In the last eight to 10 years, synthetic drugs have deeply penetrated into states. The chemist shops in the state are illegally selling drugs like Buprenorphine, Parvon spas, Codex syrup and spurious Coaxil and Phenarimine injection. “Every day, nearly 14 cases registered and more than a dozen people booked under the Narcotic Drugs and Psychotropic Substances Act,” he adds.
Responding to an RTI query, the government had said that 78,000 drug peddlers caught in the last 10 years. “Then who is running this show. Why the police is not able to arrest the kingpin yet,” questions Shashikant. He indicated the involvement of ministers and high rank police officers in the nexus.
In the border areas of Punjab, 44.3 per cent of drug addicts are less than 25 years old and most are illiterate, according to a study by the Institute for Development and Communication (IDC). Around 65 per cent of the addicts “do” drugs twice a day. The rich prefer high grade heroin while poor make to do with smack and synthetic drugs off local pharmacy.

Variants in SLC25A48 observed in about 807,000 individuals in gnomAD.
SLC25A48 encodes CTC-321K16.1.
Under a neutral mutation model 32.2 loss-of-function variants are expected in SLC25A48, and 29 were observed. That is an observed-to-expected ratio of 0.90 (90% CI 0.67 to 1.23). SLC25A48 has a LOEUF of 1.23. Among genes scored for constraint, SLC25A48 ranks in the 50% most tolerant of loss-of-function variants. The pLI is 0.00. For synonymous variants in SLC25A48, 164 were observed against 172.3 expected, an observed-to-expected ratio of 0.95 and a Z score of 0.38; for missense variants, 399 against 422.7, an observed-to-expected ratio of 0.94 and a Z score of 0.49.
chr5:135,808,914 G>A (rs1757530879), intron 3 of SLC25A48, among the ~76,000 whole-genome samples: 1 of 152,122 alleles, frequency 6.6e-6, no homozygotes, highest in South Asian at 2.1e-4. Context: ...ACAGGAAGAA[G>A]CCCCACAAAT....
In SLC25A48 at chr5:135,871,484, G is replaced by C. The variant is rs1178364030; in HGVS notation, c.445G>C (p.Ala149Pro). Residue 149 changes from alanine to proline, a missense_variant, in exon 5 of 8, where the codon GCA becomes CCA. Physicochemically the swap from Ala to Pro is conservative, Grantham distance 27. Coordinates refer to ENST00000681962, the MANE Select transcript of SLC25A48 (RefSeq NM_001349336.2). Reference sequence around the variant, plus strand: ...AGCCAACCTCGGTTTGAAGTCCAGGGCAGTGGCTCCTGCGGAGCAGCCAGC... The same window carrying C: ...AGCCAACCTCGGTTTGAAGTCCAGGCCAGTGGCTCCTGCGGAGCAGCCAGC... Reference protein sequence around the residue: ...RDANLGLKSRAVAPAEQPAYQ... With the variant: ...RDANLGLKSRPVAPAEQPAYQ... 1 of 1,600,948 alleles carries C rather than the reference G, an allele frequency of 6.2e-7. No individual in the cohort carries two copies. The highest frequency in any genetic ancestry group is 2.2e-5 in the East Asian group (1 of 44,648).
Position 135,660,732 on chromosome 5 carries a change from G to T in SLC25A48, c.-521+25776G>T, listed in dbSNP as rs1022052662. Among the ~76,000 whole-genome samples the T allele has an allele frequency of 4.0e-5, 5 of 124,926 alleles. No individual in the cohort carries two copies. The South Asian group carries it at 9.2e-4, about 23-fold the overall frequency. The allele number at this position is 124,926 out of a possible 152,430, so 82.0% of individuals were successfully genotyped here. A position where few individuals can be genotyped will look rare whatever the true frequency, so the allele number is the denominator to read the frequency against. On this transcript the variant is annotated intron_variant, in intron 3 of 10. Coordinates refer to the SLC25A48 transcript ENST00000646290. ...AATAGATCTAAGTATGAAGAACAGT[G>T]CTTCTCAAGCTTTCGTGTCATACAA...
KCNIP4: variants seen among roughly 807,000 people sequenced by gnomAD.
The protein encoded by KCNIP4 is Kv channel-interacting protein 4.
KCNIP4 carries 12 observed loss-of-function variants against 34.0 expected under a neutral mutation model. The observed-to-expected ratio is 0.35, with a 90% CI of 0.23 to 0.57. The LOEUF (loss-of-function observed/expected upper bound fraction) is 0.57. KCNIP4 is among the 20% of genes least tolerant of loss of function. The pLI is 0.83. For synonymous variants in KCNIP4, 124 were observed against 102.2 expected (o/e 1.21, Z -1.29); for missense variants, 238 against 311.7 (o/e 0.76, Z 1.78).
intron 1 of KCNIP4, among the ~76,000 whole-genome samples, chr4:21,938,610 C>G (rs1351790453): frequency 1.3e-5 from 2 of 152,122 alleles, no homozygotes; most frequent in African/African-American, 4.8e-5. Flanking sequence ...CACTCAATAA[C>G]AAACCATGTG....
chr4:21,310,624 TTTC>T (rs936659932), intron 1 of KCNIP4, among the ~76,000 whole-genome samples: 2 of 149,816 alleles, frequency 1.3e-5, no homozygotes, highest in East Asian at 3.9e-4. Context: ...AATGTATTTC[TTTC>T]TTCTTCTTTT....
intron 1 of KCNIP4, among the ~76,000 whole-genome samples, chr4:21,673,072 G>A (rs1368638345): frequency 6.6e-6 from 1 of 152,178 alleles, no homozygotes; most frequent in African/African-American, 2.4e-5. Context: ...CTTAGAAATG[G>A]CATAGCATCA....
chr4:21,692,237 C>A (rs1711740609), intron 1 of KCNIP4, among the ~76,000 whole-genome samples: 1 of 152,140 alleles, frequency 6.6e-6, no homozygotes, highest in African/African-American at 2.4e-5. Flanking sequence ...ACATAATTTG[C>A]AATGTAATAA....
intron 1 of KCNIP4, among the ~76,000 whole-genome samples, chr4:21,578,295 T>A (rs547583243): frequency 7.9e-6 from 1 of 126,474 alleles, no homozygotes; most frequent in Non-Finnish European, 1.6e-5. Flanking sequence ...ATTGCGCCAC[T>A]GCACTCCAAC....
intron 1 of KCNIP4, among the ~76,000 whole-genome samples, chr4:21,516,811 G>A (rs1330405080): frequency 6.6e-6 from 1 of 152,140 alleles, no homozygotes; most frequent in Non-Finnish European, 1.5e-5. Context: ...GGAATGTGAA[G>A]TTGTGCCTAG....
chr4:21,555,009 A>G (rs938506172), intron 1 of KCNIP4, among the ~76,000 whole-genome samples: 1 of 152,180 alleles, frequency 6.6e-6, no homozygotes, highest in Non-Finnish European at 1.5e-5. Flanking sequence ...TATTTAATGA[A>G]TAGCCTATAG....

Brij Bedi, Amrtsar-based social activist who has been working with children who lost their parents due to drug abuse, says, “In Maqboolpura school in Amritsar, 70 per cent of the 600 students have lost a parents to drugs.”
Amritsar based sociologist, Ravinder Singh Sandhu, who profiled more than 600 drug addicts, says, “They were usually young, poor and unemployed. One cannot find health clinics in a village but easily find two to three drugs stores illegally supplying synthetic drugs and making huge profits.”
# 44.3 per cent of drug addicts are less than 25 years old. Most are illiterate, poor and unemployed
# Heroin and smack have been replaced by pharmaceutical drugs, especially pain killers
# Chemist shops illegally sell drugs like Buprenorphine, Parvon spas, Codex syrup and spurious Coaxil and Phenarimine injection
# 78,000 drug peddlers caught in the last 10 years
We are a voice to you; you have been a support to us. Together we build journalism that is independent, credible and fearless. You can further help us by making a donation. This will mean a lot for our ability to bring you news, perspectives and analysis from the ground so that we can make change together.
Comments are moderated and will be published only after the site moderator’s approval. Please use a genuine email ID and provide your name. Selected comments may also be used in the ‘Letters’ section of the Down To Earth print edition.